CANADIAN RAILWAY OFFICE OF ARBITRATION
SUPPLEMENTARY AWARD TO
CASE NO. 2050
Heard at Montreal, Tuesday, 8 January 1991
CANADIAN NATIONAL RAILWAY COMPANY
CANADIAN BROTHERHOOD OF RAILWAY, TRANSPORT AND GENERAL WORKERS
There appeared on behalf of the Company:
M. M. Boyle – Manager, Labour Relations, Montreal
J. Dysart – System Labour Relations Officer, Montreal
D. Lanthier – Labour Relations Officer, Winnipeg
And on behalf of the Brotherhood:
A. Cerilli – Regional Vice-President, Winnipeg
D. Olshewski – Representative, Winnipeg
SUPPLEMENTARY AWARD OF THE ARBITRATOR
In the award herein, dated September 14, 1990, the Arbitrator found that the Company had violated Article 4.4 of the Collective Agreement by establishing a position of Senior Engineering Clerk which involved 8 hours of work per day, which was forty-five minutes more of work per day than had been assigned to that position in accordance with prior practice. The final paragraph of the award reads, in part, as follows:
... The Arbitrator directs that the Company pay to the affected employees adjustments, if any, owing in respect of their wages and benefits arising from this award, for the period from May 1 to September 30, 1988, and to henceforth schedule the position in question in a manner consistent with the provisions of Article 4.4 of the Collective Agreement.
It is common ground that the Company has complied with the directive to reschedule the position in conformance with the interpretation of Article 4.4 in the Arbitrator’s award. The parties remain in dispute, however, in respect to the compensation payable under the award. It is not disputed that a single employee, Ms. Kettering, is the sole subject of the compensation that would be payable under this grievance.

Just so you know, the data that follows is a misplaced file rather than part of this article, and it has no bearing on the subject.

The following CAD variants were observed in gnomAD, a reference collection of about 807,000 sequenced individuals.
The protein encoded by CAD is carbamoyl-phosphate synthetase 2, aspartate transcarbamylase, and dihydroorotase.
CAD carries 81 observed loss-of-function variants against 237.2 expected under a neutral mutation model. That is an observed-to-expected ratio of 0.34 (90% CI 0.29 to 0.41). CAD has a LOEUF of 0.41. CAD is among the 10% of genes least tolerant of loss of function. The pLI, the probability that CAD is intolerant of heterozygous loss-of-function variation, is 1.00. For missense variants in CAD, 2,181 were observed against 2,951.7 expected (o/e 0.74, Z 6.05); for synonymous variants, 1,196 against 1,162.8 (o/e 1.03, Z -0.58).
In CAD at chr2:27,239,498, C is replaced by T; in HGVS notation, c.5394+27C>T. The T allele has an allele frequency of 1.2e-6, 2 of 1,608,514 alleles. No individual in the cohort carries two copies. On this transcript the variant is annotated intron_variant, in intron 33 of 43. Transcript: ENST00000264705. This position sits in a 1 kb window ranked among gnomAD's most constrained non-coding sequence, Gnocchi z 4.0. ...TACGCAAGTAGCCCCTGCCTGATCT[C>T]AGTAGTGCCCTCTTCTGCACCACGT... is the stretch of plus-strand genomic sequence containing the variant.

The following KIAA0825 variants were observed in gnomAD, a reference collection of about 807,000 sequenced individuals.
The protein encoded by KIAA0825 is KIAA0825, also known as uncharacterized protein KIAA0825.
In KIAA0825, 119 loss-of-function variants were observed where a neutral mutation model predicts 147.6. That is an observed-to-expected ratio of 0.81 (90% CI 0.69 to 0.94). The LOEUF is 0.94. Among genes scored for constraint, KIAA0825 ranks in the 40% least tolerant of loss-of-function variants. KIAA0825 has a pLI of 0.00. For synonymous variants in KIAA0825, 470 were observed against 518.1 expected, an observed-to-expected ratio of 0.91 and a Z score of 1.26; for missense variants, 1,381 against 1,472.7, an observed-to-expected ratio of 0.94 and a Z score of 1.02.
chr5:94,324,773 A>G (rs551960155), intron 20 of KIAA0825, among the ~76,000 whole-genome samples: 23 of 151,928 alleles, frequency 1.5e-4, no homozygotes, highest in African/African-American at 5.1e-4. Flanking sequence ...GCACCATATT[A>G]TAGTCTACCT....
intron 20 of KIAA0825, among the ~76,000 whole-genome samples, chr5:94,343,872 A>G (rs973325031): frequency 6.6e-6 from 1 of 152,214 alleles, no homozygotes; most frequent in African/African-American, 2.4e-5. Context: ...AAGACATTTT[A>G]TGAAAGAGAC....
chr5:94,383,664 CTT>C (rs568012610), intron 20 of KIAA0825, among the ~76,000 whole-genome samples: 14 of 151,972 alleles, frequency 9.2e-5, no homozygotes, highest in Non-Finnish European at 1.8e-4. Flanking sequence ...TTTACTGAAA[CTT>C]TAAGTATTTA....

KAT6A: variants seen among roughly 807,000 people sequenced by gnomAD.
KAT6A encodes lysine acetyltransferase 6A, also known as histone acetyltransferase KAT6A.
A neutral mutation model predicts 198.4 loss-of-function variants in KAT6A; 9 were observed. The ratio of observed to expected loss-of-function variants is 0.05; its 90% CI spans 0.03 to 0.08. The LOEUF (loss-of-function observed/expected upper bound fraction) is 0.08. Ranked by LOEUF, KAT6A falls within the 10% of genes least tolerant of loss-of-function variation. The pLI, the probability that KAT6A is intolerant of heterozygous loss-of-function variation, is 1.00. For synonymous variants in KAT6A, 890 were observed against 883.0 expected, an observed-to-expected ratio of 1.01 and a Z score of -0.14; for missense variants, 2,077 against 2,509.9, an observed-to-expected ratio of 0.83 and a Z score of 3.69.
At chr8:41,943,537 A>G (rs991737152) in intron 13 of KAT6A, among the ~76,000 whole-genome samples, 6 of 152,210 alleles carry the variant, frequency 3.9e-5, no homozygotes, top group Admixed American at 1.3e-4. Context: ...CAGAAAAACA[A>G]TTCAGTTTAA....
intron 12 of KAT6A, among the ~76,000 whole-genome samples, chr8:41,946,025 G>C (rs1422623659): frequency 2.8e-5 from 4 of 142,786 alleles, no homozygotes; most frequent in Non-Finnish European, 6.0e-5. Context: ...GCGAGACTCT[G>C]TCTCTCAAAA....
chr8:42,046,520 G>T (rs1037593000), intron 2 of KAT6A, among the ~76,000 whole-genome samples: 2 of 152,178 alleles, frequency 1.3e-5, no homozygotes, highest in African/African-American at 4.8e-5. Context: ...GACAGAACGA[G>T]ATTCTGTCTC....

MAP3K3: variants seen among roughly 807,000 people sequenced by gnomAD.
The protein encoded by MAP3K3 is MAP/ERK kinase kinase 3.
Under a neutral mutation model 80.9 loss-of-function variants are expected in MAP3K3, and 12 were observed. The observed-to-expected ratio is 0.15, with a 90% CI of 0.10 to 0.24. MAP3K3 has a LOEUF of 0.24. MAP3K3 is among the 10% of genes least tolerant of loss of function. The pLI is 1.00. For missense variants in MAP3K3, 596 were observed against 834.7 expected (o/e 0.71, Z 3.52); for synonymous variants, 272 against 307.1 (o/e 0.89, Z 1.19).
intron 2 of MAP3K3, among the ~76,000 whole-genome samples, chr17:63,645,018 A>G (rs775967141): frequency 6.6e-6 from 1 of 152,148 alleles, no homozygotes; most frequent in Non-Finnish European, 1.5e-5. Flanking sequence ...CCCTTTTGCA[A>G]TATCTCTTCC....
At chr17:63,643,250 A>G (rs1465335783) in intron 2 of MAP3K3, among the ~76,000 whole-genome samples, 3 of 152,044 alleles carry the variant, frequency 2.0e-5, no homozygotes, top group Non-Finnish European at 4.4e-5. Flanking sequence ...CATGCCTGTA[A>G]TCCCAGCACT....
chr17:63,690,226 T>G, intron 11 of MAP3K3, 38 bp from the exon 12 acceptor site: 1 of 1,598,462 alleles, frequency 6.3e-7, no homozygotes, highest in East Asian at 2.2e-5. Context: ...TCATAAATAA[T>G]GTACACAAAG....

The Company maintains that no compensation is payable because, according to its spokesperson, the terms of Article 4.4 contemplate that an employee in the position of Ms. Kettering could be required to work up to 8 hours in a day without any entitlement to overtime. He submits, in effect, that she would have earned no more nor no less if the bulletin had specified 7-1/4 hours of working time in a day, or 8 hours. He draws to the Arbitrator’s attention the language of Article 4.4 which is as follows:
4.4 Where it has been the practice for weekly rated employees to work less than eight hours per day, that practice shall be continued unless changed on account of conditions beyond the control of the Company. Should conditions occasionally demand, employees working such reduced hours may be required to work eight hours per day and overtime will not accrue until after eight hours’ service has been performed. To take care of regular requirements such employees may be required to work extra hours on certain days and overtime shall only accrue after eight hours’ service has been performed.